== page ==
Research from the Irish Traveller Movement in Britain (ITMB) has claimed that less than half of the Government’s proposed 620 new gypsy and traveller pitches will actually be built before 2015, a fact which they claim will exacerbate the ‘dire shortage’ of sites and make a new Dale Farm scenario ‘inevitable’.
The research follows announcements by the Government’s Homes and Communities Agency of grants of £47m for 170 improved and 620 new pitches across the country. But Michael Hargreaves, author of the research, claims that less than 300 of this number will actually be in existence by 2015, at which time he fears funding will be withdrawn.
Mr Hargreaves is reported to have commented:
“The mass eviction at Dale Farm in Essex was a direct result of the dire shortage of authorised pitches and created incredible tensions between the Traveller and settled communities. Yet the HCA funding programme, as it stands, can only make a future Dale Farm inevitable.”
Eric Pickles, the Secretary for Communities and Local Government, has conversely claimed that the funding will reduce the number of unauthorised traveller sites, which create such tension between the travelling and settled communities. A spokesman for his department added:
“Ministers are clear that the previous top-down targets for Traveller sites forced councils to encroach on the Green Belt, seriously harming community relations, leading to an increase in the number of unauthorised sites and meaning site funding was allocated, but often left unspent.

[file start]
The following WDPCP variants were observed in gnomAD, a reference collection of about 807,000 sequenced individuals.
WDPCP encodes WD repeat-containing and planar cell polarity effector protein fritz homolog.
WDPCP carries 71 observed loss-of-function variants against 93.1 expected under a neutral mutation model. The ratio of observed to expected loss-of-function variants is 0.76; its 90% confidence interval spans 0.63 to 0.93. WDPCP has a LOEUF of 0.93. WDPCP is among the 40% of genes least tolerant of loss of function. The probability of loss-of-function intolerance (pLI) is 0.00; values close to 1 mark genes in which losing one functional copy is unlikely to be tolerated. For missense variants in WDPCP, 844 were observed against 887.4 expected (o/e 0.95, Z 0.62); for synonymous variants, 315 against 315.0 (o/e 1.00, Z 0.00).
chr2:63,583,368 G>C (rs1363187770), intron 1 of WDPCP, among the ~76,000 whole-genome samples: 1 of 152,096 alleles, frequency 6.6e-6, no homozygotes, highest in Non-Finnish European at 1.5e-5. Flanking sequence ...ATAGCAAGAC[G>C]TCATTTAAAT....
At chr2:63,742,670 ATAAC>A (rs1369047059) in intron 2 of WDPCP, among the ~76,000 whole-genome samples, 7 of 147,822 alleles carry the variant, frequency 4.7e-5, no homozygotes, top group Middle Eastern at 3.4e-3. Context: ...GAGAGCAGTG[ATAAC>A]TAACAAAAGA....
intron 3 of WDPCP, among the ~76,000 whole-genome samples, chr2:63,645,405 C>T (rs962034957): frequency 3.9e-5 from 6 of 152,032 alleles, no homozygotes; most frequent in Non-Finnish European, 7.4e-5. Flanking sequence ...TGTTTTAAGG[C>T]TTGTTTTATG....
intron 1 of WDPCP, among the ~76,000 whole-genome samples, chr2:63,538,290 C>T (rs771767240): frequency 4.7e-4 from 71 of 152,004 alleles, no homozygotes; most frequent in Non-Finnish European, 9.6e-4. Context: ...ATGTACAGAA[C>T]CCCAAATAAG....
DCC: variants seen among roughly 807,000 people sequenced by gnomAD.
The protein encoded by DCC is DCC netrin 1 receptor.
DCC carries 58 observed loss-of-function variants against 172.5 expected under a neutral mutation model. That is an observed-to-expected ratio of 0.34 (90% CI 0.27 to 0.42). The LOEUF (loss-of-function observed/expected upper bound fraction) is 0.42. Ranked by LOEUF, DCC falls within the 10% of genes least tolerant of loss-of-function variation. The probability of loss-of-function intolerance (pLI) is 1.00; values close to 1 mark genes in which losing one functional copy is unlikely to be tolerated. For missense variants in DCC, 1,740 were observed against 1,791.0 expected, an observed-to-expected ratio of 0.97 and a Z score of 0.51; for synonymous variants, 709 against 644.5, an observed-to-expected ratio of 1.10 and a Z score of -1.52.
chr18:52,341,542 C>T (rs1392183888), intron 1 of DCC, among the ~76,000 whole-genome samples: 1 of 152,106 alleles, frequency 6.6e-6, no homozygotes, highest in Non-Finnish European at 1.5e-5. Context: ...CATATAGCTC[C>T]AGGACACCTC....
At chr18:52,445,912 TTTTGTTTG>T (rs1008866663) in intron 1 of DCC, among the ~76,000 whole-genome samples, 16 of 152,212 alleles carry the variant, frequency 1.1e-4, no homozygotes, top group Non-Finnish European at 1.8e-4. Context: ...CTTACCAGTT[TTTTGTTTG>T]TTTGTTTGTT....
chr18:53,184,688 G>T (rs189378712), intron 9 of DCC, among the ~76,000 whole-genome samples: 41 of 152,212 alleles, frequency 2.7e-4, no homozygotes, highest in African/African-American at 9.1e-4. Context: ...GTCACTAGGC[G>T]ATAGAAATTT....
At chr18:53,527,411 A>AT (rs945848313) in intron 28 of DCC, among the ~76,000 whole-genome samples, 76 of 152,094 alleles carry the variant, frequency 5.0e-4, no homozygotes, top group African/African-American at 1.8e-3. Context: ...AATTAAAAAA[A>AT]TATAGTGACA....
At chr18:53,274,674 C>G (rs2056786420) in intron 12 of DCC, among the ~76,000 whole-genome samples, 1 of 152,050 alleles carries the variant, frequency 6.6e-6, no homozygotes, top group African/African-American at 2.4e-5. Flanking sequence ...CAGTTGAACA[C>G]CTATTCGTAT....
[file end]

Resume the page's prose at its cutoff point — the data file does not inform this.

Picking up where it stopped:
“That’s why we’ve allocated £47m towards the building of 620 new pitches, with more funding to follow. Councils will also get powerful financial benefits for building authorised sites that have the backing of the local community, through the New Homes Bonus.”
Nonetheless, the Irish Traveller Movement in Britain’s research has indicated a potential misallocation of much of this money, with only 4% going to the counties of Essex, Kent, Cambridgeshire, Surrey, and Hertfordshire which contain the most travelling communities. That 4% is, the ITMB claims, actually just for two projects in Cambridgeshire and Kent, which don’t have designated sites or planning permission.
The planning issue is being touted as perhaps the greatest barrier to the 620 possible new projects, Mr Hargreaves commented:
“Ministers have encouraged communities to think if they don’t want to accommodate Travellers, they don’t have to,” says Mr Hargreaves. “Yet our research shows that over 80% of those that have received funding for proposed schemes don’t have planning permission, which is notoriously difficult to push through in the face of local opposition. Some schemes don’t even have a designated site.”
The research was presented on Thursday 22nd March to a conference attended by ministers from the Department for Communities and Local Government. Whether it will dissuade the Government from its current course, however, remains to be seen.
The Government has also released plans, parallel to the National Planning Policy Framework, to reduce the planning policy for traveller sites from 54 pages down to just 8, including all but banning traveller sites on green belt land. Read our article in this month’s newsletter here.